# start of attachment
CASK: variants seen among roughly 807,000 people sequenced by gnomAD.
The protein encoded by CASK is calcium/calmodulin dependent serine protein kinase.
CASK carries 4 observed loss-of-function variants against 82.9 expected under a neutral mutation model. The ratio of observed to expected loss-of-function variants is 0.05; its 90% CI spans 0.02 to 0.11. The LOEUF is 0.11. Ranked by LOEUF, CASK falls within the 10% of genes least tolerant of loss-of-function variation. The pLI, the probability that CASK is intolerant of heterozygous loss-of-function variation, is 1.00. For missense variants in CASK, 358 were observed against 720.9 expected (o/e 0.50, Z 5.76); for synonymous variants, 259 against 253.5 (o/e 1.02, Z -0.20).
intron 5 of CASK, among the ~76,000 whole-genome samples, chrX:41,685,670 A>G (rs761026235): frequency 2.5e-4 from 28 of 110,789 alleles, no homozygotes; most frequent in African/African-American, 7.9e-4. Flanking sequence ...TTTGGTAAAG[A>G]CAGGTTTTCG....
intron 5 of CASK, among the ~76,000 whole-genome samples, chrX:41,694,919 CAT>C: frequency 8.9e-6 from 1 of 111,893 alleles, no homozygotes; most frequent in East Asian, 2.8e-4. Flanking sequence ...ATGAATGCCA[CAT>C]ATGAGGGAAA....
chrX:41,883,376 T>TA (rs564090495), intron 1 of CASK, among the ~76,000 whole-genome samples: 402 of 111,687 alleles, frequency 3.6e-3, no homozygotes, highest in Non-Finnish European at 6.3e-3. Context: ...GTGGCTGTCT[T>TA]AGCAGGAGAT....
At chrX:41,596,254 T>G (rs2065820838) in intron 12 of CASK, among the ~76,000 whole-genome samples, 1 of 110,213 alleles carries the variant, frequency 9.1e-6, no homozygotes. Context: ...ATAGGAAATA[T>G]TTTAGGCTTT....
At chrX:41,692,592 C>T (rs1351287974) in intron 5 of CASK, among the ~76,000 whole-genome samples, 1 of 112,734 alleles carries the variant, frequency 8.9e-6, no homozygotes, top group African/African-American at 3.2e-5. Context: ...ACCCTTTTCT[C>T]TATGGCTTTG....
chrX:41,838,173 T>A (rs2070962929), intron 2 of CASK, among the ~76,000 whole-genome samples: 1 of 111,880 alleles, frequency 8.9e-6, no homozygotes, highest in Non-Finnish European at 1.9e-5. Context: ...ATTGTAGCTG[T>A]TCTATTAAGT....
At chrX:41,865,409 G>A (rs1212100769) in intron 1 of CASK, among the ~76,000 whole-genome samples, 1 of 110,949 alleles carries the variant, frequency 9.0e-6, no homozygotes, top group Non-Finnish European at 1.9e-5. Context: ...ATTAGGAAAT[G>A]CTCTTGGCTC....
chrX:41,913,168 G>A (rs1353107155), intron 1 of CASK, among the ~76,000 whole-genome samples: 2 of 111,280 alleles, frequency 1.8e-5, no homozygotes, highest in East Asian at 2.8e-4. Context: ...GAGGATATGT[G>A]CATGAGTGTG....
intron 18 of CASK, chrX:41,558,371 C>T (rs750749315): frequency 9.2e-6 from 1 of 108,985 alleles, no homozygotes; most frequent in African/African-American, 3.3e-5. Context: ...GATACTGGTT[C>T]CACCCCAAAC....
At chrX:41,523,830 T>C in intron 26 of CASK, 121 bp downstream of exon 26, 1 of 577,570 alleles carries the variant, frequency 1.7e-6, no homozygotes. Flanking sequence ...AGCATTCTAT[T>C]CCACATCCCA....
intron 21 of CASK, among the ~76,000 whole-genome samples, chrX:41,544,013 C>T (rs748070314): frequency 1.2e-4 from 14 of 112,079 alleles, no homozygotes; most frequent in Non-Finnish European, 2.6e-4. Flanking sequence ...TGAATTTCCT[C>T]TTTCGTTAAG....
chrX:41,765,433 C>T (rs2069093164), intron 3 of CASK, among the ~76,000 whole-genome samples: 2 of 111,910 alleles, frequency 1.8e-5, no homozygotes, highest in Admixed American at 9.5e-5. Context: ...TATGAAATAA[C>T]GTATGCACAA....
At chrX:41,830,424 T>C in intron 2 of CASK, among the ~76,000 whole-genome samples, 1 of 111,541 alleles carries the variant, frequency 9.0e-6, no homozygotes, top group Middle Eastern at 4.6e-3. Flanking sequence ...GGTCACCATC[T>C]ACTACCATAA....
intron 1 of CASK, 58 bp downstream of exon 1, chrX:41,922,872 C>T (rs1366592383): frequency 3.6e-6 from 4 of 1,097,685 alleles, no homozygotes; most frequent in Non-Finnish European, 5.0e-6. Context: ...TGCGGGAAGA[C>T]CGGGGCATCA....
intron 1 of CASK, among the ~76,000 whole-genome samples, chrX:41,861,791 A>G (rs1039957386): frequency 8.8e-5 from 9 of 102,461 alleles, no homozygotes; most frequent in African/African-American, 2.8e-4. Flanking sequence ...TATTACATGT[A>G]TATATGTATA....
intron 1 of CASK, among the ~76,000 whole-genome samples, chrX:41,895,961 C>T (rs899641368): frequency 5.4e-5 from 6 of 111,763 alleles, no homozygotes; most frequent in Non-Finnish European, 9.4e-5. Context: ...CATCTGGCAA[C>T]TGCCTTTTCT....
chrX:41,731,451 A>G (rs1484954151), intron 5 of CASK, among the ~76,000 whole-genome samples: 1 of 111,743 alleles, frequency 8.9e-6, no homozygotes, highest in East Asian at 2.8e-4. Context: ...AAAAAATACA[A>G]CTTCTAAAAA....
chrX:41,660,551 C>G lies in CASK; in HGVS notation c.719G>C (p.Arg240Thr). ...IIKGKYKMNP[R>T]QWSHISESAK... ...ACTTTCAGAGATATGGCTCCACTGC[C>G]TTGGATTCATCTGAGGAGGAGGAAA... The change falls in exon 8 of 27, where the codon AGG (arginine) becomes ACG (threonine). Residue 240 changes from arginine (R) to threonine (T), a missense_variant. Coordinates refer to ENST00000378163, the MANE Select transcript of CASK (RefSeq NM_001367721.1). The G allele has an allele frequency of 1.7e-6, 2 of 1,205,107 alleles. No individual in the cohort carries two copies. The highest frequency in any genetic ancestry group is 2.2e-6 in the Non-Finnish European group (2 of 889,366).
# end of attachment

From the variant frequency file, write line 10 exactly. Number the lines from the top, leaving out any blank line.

At chrX:41,865,409 G>A (rs1212100769) in intron 1 of CASK, among the ~76,000 whole-genome samples, 1 of 110,949 alleles carries the variant, frequency 9.0e-6, no homozygotes, top group Non-Finnish European at 1.9e-5. Context: ...ATTAGGAAAT[G>A]CTCTTGGCTC....